Another great tip is to spend plenty of time sparring. We have to be careful not to injure our sparring partners. If we break our favorite toy (partners), we have nothing left to play with. Body strikes reveal a lot about power. Sure, everyone wants to punch to the head, but the hallmark of a great power puncher is ending a fight with a body shot. This goes double for kickboxers attacking the legs and midsection. As an aside, I think it is fine to throw snap kicks and short punches, which can wear down an opponent and create opportunities for other powerful punches, but when we are talking about power, those techniques fall into a slightly different category. In fact, only George Foreman knocks people out with a powerful jab.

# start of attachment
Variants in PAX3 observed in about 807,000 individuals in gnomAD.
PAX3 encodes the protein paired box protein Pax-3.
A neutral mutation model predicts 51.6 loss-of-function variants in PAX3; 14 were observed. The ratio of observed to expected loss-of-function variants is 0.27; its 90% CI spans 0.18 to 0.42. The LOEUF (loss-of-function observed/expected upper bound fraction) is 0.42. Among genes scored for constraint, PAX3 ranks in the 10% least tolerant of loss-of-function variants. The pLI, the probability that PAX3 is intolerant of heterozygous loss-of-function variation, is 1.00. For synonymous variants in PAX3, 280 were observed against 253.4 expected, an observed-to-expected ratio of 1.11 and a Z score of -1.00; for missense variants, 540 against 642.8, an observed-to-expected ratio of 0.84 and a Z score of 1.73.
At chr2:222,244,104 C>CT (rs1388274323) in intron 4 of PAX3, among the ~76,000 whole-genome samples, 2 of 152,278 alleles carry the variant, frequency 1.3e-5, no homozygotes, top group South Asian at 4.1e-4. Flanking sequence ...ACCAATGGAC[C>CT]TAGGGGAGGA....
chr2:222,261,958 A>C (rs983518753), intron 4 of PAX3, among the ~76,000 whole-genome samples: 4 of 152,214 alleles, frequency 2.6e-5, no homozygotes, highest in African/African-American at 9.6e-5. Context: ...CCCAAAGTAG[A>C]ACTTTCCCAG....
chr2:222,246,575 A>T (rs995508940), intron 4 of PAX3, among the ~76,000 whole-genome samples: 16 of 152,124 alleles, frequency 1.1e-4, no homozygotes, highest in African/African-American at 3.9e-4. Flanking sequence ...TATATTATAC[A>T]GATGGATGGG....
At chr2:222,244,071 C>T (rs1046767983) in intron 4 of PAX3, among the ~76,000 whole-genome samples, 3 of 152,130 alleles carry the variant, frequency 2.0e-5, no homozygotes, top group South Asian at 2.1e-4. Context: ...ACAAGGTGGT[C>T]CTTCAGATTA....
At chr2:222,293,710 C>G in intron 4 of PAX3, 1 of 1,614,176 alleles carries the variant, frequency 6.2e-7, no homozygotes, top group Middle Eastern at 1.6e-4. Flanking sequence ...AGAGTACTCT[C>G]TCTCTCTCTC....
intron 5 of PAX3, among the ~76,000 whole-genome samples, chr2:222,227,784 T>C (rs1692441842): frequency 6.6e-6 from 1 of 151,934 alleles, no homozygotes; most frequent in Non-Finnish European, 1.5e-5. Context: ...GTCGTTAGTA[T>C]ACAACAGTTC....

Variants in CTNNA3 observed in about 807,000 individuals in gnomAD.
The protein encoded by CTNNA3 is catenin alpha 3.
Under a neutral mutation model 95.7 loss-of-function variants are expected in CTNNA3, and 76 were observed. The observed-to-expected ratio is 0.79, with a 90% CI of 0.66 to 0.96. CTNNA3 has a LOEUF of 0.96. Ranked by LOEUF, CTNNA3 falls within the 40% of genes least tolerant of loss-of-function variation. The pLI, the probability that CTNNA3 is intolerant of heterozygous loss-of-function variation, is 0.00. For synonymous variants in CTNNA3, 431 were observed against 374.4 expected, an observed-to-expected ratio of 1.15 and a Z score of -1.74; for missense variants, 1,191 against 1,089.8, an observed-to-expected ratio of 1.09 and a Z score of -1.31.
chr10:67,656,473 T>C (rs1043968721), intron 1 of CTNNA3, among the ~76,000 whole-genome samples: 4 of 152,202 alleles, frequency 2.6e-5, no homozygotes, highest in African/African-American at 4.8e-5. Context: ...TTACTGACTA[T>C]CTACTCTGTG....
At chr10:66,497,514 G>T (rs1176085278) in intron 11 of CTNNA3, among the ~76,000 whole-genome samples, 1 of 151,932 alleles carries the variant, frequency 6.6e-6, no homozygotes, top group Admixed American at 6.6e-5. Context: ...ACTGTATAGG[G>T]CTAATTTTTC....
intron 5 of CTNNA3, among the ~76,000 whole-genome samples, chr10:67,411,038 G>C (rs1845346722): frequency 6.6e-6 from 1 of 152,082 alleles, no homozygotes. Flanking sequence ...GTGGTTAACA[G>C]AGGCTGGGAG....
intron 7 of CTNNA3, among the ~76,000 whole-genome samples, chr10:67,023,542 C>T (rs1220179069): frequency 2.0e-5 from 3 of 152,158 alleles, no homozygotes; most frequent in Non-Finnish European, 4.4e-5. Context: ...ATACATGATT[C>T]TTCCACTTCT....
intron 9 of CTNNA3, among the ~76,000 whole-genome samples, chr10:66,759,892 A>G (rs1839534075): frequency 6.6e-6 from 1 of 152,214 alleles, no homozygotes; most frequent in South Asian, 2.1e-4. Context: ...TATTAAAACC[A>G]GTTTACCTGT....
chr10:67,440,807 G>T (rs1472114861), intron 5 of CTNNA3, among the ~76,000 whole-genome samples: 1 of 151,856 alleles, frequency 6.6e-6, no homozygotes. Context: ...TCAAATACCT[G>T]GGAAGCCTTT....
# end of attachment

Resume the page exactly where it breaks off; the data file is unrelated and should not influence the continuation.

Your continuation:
I mentioned powerful throws in the beginning, but I didn’t get into throwing until now. The ability to enter with footwork, accomplish the proper grip, brake balance, and then execute a proper throw or takedown is a beautiful thing to behold. I’ve studied Judo and Jiu-Jitsu extensively. They have these elements in their throws, but there can be no doubt that collegiate wrestlers understand powerful throws better than most. It requires a huge amount of speed, posture, and a low center of gravity to enter successfully. The low center of gravity and posture enable a throwing expert the ability to break down his or her opponents defense. In Judo and Jiu-Jitsu, this is called destroying bass. Again, when looking at blasting in for a lifting throw or even shooting in for a doubleleg takedown, power comes from the ground up. Muscle recruitment, posture, body mechanics, and proper technique make for a powerful lift and throw.